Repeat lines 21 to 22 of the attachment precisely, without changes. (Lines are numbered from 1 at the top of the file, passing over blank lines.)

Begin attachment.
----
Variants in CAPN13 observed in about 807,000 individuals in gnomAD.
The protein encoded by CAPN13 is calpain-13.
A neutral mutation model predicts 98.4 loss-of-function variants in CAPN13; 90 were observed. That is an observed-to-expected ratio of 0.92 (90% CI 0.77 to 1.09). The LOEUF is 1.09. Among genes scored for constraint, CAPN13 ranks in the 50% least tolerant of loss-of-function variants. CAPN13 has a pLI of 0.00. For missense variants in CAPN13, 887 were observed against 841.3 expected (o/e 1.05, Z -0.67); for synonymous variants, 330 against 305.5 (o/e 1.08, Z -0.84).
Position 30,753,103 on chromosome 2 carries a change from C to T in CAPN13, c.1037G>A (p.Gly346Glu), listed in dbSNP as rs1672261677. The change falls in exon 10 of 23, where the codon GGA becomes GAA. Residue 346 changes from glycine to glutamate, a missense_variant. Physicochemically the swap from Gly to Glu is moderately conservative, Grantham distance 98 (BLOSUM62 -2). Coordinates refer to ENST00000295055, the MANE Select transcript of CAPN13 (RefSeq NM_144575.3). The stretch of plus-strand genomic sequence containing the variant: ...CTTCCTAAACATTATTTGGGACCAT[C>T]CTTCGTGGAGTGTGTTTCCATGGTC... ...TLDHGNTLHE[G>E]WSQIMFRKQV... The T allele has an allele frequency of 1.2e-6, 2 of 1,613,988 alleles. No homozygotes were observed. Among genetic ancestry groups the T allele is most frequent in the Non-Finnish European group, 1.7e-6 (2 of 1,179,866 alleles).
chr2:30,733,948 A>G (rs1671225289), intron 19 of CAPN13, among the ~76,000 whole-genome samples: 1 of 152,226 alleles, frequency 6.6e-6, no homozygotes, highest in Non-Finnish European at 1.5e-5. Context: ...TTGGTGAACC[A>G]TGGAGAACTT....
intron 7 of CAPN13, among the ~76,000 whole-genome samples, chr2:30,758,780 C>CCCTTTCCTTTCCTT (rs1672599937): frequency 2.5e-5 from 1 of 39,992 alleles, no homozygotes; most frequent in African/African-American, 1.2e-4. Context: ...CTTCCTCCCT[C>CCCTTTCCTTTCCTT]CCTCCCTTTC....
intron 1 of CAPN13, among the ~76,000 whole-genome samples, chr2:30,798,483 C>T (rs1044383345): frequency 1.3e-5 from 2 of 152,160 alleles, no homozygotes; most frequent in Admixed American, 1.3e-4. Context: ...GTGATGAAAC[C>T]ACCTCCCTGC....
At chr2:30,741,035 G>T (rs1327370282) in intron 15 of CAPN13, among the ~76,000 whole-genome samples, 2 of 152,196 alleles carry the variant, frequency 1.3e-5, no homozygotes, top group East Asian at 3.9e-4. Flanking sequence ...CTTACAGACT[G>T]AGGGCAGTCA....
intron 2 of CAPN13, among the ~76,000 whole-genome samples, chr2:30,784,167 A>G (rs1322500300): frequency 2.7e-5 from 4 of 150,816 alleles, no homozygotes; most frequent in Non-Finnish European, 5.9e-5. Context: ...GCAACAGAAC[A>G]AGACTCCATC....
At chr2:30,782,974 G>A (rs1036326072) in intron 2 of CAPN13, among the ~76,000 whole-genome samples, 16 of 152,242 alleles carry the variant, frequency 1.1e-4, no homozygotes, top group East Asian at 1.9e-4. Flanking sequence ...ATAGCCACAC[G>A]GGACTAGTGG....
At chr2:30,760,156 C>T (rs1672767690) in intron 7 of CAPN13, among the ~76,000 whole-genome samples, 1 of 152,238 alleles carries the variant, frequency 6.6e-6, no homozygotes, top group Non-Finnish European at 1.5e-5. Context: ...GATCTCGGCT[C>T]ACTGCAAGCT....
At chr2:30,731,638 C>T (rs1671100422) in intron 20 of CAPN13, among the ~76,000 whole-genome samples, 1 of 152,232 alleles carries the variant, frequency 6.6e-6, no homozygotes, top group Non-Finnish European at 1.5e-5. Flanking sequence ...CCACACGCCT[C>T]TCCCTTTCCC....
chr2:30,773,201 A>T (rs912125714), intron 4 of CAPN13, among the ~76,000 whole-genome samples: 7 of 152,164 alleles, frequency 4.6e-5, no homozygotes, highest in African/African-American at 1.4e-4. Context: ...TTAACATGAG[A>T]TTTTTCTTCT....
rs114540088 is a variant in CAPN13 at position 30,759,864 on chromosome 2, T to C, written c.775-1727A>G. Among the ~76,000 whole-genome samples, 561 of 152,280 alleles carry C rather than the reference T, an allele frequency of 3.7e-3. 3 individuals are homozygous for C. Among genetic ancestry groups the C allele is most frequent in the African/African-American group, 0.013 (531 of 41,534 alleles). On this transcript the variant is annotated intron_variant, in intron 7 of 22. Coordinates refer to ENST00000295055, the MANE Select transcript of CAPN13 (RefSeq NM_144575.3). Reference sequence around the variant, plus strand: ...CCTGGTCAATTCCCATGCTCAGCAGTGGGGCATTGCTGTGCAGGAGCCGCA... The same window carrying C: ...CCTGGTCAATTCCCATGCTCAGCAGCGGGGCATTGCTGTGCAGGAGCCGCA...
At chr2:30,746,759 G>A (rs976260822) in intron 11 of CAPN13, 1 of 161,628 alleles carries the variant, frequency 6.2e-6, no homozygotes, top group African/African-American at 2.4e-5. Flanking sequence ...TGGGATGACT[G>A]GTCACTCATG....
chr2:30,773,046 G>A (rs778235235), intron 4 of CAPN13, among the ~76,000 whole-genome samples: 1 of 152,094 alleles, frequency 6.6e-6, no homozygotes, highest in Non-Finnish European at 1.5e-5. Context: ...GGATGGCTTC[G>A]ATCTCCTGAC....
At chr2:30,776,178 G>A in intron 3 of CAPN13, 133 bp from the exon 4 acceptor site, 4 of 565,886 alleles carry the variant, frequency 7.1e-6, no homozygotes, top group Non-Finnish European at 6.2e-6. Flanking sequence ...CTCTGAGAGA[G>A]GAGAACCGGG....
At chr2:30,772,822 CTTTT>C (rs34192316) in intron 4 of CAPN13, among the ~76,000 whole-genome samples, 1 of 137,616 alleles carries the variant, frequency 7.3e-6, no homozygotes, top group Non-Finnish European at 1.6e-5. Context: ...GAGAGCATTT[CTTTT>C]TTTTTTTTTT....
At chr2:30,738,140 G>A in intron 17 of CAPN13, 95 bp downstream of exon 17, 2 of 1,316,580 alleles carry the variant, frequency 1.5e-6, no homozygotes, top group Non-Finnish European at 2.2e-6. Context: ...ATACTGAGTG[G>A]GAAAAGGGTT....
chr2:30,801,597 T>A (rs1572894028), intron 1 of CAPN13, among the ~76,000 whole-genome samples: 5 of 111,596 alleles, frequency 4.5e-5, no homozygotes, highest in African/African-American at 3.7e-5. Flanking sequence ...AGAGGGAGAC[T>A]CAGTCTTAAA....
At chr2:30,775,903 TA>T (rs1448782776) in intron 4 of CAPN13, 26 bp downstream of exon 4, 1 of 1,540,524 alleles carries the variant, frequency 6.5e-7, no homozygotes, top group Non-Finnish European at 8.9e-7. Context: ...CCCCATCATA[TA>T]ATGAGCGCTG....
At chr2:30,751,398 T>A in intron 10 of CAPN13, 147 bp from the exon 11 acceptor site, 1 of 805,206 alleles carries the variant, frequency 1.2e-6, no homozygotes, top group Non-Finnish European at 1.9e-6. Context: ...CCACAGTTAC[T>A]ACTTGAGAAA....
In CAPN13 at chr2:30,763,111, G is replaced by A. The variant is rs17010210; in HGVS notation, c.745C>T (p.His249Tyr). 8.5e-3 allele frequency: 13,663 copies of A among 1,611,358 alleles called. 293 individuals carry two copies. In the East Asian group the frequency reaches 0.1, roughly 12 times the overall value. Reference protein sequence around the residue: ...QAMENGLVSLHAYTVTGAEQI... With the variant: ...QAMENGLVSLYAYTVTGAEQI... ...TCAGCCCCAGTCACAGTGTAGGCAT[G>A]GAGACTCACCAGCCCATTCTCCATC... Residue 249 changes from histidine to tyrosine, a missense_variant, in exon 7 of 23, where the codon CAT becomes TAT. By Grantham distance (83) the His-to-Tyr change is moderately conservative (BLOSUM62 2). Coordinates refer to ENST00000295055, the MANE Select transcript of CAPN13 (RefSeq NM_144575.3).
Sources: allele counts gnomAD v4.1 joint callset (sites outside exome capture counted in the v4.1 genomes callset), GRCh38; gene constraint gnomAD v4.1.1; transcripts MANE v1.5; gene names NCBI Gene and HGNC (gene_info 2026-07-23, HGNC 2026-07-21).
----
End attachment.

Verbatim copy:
At chr2:30,775,903 TA>T (rs1448782776) in intron 4 of CAPN13, 26 bp downstream of exon 4, 1 of 1,540,524 alleles carries the variant, frequency 6.5e-7, no homozygotes, top group Non-Finnish European at 8.9e-7. Context: ...CCCCATCATA[TA>T]ATGAGCGCTG....
At chr2:30,751,398 T>A in intron 10 of CAPN13, 147 bp from the exon 11 acceptor site, 1 of 805,206 alleles carries the variant, frequency 1.2e-6, no homozygotes, top group Non-Finnish European at 1.9e-6. Context: ...CCACAGTTAC[T>A]ACTTGAGAAA....